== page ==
As some of you may remember, if you read my article that appeared in the Miami Herald, I said that my next gardening project will be a meadow garden. Well, I purchased some meadow plants at last weekend's Spring Plant Sale, the ground is nice and wet from 3 1/2 inches of rain today, and I plan to start planting soon. Here are some of the plants I will be using:
Scutellaria havanensis (Havana scullcap) - 1 (may divide this)
Heliotropium polyphyllum (pineland heliotrope) - 2
Croton linearis (pineland croton) - 1 (a female so I can get seedlings)
Glandularia maritima (beach verbena) - 1
Sorghastrum secundum (lopsided Indiangrass) - 5
Schizachyrium rhizomatum (rhizomatus bluestem) - 3 large ones to be divided into many
I will also dig some divisions of my Pityopsis graminifolia (silkgrass) and some Crotalaria pumila that is growing in my palm and grass savannah. I just found a source of Eragrostis elliottii (Elliott's lovegrass) and plan on using lots of this shorter grass.
I have two planting beds in which I will be placing the plants. One is a circular shaped bed with a Guaiacum sanctum (lignum vitae) in the center. I want to plant mostly Elliott's lovegrass in this area. The other bed is larger and more amenable to have more variety of plants. I will take photos of each step of the planning and planting process and post the progress on this blog. My one fear is that of invading weeds, especially during our warm wet summers. I hope that my experiences will encourage others to make their own meadow gardens, replacing some of their lawns and providing butterfly plants to encourage and sustain our wildlife.
Speaking of sustaining wildlife, earlier this year I read the book "Bringing Nature Home" by Douglas Tallamy. I really enjoyed and learned a lot about the importance of using native plants within your landscape in order to provide food and shelter for a whole host of organisms (butterfles, birds, other insects, etc.) that are dependent on the native plants for their very survival. It is an amazing web of "life" that develops within a native ecosystem - plants are "controlled" by the insects to prevent overwhelming the habitat, while the birds and other predators feed on the native insects that are feeding (not destructively) on the native plants. It is perfection - the plants stay under control and so do the predators.
I did go hiking in the Everglades last weekend and saw lots of wildflowers in bloom. I drove down to Flamingo and walked to the shoreline of Florida Bay. The soft breezes and warm sunshine was a welcome relief to the long "cold" winter we had.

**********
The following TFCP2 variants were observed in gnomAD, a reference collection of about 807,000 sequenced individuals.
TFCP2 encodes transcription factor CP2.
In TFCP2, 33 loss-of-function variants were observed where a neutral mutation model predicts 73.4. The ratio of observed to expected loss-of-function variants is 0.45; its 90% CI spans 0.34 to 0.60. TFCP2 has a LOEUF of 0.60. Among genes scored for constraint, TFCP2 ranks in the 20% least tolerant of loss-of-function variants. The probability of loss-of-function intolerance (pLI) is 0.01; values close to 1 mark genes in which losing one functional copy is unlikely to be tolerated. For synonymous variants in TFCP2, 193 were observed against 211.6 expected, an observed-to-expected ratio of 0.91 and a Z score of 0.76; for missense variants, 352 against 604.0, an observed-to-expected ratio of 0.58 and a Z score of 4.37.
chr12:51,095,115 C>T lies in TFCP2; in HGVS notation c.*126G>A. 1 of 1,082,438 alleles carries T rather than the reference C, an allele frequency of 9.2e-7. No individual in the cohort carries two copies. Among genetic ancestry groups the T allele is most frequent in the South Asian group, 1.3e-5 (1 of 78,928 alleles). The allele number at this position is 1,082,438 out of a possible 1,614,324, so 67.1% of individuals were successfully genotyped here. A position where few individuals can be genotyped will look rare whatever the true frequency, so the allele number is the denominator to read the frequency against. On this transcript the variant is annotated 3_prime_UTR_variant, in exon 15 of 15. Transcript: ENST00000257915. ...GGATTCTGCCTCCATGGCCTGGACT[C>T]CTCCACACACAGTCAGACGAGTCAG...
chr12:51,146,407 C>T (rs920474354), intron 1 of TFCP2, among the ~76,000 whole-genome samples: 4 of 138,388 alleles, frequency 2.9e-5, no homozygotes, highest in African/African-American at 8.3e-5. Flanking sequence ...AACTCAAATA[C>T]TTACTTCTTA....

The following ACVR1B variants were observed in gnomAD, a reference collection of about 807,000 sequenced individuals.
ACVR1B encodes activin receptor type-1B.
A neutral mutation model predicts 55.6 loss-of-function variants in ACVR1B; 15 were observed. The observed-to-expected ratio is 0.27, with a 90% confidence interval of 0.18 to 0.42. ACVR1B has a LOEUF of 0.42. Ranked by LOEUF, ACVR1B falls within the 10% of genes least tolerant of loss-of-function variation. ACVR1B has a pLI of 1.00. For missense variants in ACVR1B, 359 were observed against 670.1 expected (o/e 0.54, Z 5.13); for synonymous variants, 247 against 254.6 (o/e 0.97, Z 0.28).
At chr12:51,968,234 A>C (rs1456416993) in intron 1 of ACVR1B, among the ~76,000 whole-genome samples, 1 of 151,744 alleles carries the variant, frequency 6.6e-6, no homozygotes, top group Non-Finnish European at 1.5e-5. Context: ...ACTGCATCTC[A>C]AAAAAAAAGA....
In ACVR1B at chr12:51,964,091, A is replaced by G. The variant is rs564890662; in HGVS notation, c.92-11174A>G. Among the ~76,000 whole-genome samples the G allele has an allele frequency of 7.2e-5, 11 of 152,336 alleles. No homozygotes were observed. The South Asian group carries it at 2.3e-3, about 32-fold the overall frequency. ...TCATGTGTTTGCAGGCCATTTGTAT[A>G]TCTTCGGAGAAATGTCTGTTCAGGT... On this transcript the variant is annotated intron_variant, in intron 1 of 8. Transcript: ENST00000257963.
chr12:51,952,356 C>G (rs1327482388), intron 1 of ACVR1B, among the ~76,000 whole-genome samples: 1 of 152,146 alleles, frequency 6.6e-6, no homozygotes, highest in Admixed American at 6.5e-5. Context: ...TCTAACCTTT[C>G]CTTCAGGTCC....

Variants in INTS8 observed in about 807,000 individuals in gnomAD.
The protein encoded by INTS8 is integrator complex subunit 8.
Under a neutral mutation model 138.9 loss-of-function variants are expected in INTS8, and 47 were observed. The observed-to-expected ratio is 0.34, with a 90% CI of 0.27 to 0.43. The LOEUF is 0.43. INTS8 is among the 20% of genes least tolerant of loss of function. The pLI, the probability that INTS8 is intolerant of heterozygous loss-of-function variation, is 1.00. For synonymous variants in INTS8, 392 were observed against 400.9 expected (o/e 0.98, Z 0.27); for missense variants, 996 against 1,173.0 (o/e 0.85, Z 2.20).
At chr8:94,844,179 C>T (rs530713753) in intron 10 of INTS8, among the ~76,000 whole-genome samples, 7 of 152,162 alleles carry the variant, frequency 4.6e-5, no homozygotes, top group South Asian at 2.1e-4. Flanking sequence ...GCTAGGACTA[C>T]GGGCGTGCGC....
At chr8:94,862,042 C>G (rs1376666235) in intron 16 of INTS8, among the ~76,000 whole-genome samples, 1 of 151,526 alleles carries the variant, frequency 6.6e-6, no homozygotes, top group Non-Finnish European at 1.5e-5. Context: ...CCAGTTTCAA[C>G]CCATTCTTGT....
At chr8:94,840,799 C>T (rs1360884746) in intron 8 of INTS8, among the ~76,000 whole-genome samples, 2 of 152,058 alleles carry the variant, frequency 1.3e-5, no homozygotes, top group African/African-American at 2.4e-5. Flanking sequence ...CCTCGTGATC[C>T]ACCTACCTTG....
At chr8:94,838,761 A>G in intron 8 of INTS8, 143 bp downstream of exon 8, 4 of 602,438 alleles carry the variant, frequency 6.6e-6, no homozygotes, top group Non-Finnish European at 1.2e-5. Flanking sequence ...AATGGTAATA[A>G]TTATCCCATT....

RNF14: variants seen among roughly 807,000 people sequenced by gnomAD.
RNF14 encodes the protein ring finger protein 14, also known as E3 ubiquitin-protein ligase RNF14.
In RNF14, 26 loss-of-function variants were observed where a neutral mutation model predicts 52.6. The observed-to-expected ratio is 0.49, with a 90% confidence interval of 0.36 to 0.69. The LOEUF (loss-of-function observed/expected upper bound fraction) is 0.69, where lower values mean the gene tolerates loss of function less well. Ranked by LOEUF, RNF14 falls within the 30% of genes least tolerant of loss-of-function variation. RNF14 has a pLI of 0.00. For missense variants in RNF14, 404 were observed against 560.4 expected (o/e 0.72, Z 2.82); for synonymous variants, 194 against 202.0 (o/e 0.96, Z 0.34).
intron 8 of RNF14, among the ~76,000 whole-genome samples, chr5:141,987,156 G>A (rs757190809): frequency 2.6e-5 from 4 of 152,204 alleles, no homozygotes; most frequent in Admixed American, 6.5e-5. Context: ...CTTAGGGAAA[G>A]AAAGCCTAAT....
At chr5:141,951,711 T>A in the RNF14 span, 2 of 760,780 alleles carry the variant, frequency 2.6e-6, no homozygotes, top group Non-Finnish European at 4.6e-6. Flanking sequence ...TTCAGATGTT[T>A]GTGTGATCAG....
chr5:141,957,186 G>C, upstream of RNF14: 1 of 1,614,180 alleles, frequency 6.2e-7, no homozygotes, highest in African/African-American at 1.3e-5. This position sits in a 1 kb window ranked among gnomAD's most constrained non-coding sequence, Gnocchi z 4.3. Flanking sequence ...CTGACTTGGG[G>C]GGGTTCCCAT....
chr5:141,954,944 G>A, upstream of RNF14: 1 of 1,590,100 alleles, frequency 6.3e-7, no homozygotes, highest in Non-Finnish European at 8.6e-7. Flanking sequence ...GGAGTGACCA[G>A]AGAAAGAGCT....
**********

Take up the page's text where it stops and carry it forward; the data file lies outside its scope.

I then drove north and stopped at Mahogany Hammock. I parked my car along the road and enjoyed the vista of a "sea of grass" with cypress domes in the distance.
My next stop was Long Pine Key, one of the largest remaining pine rocklands in South Florida. I hiked along some of the "fire roads" which are used by ENP staff and researchers. The fragrance of pineland Acacia (Acacia pinetorum) wafted in the warm air, mixed with the wonderful aroma of crushed pine needles as I took my walk.
Asclepias longifolia with aphids
I am developing a keen interest in using native grasses in our home landscapes and could not help but see the beauty in the grasses which were growing in the middle of the unpaved roadway through the pines.
Perhaps it is difficult to see in this photo, but there are perfectly round specimens of muhly grass (Muhlenbergia capillaris) growing in the middle of the roadway. In late summer, early fall, these will have purple to pinkish inflorescences.
I enjoy hiking in natural places where I am inspired with ideas for landscaping in my own, "cultivated" world!
It has been an interesting winter to say the least! In my 37 years in South Florida, I've not experienced a winter so cool for so long. Many plants lost their leaves due to the extreme cold temperatures in January and have been in "hibernation mode" ever since. In the last few days, warmer temperatures and some warm showers are helping the sleeping trees and shrubs to wake up slowly and start producing new leaves.
Propagating for our plant sales has been almost totally collecting, cleaning, and planting seeds. This fall and winter I have been refrigerating some of our native grass seeds and wildflower species for a few weeks prior to planting. Refrigeration of seeds has proven to be helpful in getting good germination from some of our native species. Some of our native grasses grow into beautiful, round clumps.
I hope to do some hiking in the Everglades this weekend. Springtime in the glades prairies is a beautiful time with many plants in bloom and mosquitos still not bothersome.